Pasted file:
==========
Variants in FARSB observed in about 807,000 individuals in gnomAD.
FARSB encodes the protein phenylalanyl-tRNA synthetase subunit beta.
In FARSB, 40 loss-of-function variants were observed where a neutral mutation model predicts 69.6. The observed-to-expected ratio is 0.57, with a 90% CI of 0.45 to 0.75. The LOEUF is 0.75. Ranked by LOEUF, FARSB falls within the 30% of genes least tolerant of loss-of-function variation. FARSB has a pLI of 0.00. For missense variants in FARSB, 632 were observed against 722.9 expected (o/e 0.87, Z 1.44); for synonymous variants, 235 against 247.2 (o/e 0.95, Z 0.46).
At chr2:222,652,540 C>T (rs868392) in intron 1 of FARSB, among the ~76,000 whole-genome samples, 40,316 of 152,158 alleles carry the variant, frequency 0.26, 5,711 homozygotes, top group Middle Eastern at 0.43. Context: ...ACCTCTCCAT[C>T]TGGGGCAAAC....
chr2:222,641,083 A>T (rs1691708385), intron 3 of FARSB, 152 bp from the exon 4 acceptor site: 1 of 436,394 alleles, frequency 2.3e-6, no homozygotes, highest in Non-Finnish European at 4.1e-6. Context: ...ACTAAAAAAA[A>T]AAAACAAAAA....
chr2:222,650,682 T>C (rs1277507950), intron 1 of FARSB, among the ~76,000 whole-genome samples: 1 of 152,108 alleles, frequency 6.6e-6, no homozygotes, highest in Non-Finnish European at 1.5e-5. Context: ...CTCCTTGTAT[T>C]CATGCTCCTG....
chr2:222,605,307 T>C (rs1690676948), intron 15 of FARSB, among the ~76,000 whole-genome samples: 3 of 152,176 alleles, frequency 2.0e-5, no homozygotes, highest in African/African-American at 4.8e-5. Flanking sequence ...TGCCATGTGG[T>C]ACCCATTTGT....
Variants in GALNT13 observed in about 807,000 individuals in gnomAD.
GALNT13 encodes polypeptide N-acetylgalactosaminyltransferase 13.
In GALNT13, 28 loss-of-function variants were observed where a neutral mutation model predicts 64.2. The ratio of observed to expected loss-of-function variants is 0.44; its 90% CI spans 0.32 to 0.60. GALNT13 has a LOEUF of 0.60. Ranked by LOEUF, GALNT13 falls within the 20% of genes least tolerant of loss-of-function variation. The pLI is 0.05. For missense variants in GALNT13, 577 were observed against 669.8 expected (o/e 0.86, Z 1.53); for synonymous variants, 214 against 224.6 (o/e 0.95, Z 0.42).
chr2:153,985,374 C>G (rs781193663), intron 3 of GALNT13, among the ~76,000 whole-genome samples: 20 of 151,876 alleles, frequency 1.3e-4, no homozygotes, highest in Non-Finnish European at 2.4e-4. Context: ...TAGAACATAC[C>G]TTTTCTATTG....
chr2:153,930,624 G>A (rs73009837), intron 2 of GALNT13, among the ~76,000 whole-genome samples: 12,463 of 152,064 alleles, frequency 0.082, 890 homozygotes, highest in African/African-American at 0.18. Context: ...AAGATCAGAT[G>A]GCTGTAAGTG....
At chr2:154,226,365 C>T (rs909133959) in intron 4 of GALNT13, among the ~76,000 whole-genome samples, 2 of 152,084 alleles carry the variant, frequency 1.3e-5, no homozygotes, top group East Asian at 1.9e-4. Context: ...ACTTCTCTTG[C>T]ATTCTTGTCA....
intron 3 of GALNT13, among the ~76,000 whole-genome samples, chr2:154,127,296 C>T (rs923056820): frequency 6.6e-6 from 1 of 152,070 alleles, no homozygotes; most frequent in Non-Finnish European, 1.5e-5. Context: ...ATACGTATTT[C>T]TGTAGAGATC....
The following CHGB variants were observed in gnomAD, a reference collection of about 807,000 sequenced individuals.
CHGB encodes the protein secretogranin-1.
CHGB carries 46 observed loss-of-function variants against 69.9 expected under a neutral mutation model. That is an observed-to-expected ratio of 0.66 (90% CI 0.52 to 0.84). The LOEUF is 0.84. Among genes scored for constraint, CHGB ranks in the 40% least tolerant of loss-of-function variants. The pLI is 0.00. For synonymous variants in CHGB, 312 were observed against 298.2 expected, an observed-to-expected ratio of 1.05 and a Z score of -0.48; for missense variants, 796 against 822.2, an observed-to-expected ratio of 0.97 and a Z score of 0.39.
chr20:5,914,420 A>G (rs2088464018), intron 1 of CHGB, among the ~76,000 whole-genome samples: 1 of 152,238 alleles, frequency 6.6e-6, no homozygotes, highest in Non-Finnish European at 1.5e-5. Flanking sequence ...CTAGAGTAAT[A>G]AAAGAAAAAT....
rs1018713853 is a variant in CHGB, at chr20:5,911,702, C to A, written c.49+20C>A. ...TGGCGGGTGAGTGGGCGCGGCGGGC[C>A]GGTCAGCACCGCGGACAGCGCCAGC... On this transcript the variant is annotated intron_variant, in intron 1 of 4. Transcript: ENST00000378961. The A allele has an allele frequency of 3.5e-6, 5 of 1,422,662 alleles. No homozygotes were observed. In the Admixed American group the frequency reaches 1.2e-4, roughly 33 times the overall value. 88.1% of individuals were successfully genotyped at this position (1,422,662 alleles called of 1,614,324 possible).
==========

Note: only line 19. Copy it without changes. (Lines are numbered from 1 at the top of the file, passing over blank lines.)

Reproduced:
rs1018713853 is a variant in CHGB, at chr20:5,911,702, C to A, written c.49+20C>A. ...TGGCGGGTGAGTGGGCGCGGCGGGC[C>A]GGTCAGCACCGCGGACAGCGCCAGC... On this transcript the variant is annotated intron_variant, in intron 1 of 4. Transcript: ENST00000378961. The A allele has an allele frequency of 3.5e-6, 5 of 1,422,662 alleles. No homozygotes were observed. In the Admixed American group the frequency reaches 1.2e-4, roughly 33 times the overall value. 88.1% of individuals were successfully genotyped at this position (1,422,662 alleles called of 1,614,324 possible).